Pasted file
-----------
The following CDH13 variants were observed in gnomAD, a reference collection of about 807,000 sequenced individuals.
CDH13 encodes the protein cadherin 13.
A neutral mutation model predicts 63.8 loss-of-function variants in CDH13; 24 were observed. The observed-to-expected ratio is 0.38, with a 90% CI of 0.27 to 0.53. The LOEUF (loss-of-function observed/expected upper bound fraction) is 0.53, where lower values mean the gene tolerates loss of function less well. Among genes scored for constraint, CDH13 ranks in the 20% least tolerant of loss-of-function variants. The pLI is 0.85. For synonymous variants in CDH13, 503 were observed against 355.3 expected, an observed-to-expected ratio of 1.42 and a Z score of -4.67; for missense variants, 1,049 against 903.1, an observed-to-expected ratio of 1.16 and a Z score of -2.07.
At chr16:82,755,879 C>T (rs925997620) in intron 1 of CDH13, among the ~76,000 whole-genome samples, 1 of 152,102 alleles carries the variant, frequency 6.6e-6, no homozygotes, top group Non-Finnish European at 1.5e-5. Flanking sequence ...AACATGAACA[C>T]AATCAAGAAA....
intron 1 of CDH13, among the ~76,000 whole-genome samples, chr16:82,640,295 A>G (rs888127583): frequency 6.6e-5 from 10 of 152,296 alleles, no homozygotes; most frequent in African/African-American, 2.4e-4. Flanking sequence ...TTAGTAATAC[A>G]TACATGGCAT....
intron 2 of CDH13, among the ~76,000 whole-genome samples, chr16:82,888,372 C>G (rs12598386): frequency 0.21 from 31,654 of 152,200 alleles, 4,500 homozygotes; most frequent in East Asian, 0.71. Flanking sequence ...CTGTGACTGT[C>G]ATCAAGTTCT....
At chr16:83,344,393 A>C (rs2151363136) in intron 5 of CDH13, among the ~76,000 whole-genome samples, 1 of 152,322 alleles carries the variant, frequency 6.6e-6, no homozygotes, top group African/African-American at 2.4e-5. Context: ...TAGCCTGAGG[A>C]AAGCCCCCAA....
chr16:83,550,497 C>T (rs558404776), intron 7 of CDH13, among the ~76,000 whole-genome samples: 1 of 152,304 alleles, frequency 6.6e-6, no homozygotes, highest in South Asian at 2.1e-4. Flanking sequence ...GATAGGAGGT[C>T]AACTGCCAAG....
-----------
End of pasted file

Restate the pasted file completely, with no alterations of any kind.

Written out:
The following CDH13 variants were observed in gnomAD, a reference collection of about 807,000 sequenced individuals.
CDH13 encodes the protein cadherin 13.
A neutral mutation model predicts 63.8 loss-of-function variants in CDH13; 24 were observed. The observed-to-expected ratio is 0.38, with a 90% CI of 0.27 to 0.53. The LOEUF (loss-of-function observed/expected upper bound fraction) is 0.53, where lower values mean the gene tolerates loss of function less well. Among genes scored for constraint, CDH13 ranks in the 20% least tolerant of loss-of-function variants. The pLI is 0.85. For synonymous variants in CDH13, 503 were observed against 355.3 expected, an observed-to-expected ratio of 1.42 and a Z score of -4.67; for missense variants, 1,049 against 903.1, an observed-to-expected ratio of 1.16 and a Z score of -2.07.
At chr16:82,755,879 C>T (rs925997620) in intron 1 of CDH13, among the ~76,000 whole-genome samples, 1 of 152,102 alleles carries the variant, frequency 6.6e-6, no homozygotes, top group Non-Finnish European at 1.5e-5. Flanking sequence ...AACATGAACA[C>T]AATCAAGAAA....
intron 1 of CDH13, among the ~76,000 whole-genome samples, chr16:82,640,295 A>G (rs888127583): frequency 6.6e-5 from 10 of 152,296 alleles, no homozygotes; most frequent in African/African-American, 2.4e-4. Flanking sequence ...TTAGTAATAC[A>G]TACATGGCAT....
intron 2 of CDH13, among the ~76,000 whole-genome samples, chr16:82,888,372 C>G (rs12598386): frequency 0.21 from 31,654 of 152,200 alleles, 4,500 homozygotes; most frequent in East Asian, 0.71. Flanking sequence ...CTGTGACTGT[C>G]ATCAAGTTCT....
At chr16:83,344,393 A>C (rs2151363136) in intron 5 of CDH13, among the ~76,000 whole-genome samples, 1 of 152,322 alleles carries the variant, frequency 6.6e-6, no homozygotes, top group African/African-American at 2.4e-5. Context: ...TAGCCTGAGG[A>C]AAGCCCCCAA....
chr16:83,550,497 C>T (rs558404776), intron 7 of CDH13, among the ~76,000 whole-genome samples: 1 of 152,304 alleles, frequency 6.6e-6, no homozygotes, highest in South Asian at 2.1e-4. Flanking sequence ...GATAGGAGGT[C>T]AACTGCCAAG....